In his talk at the 1950 ICM in Harvard, Henry Whitehead introduced the idea of algebraic homotopy theory and said
“The ultimate aim of algebraic homotopy is to construct a purely algebraic theory, which is equivalent to homotopy theory in the same sort of way that ‘analytic’ is equivalent to ‘pure’ projective geometry.”
A statement of the aims of ‘algebraic homotopy’ might thus include the following homotopy classification problem (from the same source, J.H.C.Whitehead, (ICM, 1950)):
Classify the homotopy types of polyhedra, , , , by algebraic data.
Compute the set of homotopy classes of maps, , in terms of the classifying data for , .
These aims are still valid, but, within the context of these webpages, with the enlargement of the class of objects of study to include many other types of spaces, and ultimately -groupoids.
One may summarise them, optimistically, by saying that one searches for a nice “algebraic” category together with a functor or functors
and an algebraically defined notion of ‘homotopy’ in such that
a) if in , then in ;
b) if in , then in ,
and induces an equivalence of homotopy categories
(Here is a category, perhaps of topological spaces such as polyhedra or CW-complexes, but it may be larger than this and may contain the sort of ‘generalised space’, topos, etc., used in other contexts such as algebraic geometry, and, of course, -groupoids.)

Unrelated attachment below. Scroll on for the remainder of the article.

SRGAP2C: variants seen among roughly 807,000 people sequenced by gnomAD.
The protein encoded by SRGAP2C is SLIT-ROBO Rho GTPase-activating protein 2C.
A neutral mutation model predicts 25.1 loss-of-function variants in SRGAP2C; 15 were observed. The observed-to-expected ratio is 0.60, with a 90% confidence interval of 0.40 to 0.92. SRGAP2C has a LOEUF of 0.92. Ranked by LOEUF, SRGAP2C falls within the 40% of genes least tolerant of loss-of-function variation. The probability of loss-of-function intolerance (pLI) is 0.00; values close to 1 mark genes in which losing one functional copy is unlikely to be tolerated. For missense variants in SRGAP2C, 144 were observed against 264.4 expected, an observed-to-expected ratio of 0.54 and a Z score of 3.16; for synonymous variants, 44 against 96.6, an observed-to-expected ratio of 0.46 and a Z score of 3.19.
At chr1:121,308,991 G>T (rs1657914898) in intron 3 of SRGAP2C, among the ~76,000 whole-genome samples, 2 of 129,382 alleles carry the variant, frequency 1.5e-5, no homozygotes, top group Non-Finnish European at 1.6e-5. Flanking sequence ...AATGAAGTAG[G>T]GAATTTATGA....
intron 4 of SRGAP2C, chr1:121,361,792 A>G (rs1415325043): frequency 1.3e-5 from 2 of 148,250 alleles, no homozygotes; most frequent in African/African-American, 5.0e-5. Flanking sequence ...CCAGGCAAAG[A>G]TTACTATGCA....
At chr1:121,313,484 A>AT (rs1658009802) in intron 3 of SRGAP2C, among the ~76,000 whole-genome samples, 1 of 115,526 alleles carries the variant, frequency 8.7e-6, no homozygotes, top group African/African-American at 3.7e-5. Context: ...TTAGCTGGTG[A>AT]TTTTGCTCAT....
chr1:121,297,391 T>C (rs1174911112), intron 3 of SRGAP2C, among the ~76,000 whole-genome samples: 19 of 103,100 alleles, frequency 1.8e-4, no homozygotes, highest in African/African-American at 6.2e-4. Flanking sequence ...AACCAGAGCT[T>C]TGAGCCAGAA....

Baues has developed an approach to Whitehead’s basic programme using a mix of cofibration categories and categories with a particular type of cylinder functor, that he calls I-categories. These are treated in separate entries. Cofibration categories are very similar to the dual of K.S. Brown’s abstract homotopy theory, as discussed in category of fibrant objects and BrownAHT.
Ronnie Brown’s nonabelian algebraic topology has developed Whitehead’s theory of crossed complexes along the lines suggested by the original papers of Whitehead, but extending that, in particular, using generalisations of van Kampen’s theorem. (This is discussed in detail in the entry: nonabelian algebraic topology.)
Often the objects of study are the same, and there is an enormous interaction between the two areas, but the aims and objectives seem to be different. Perhaps, tentatively, one could say that ‘algebraic homotopy’ is ‘combinatorial homotopical algebra’.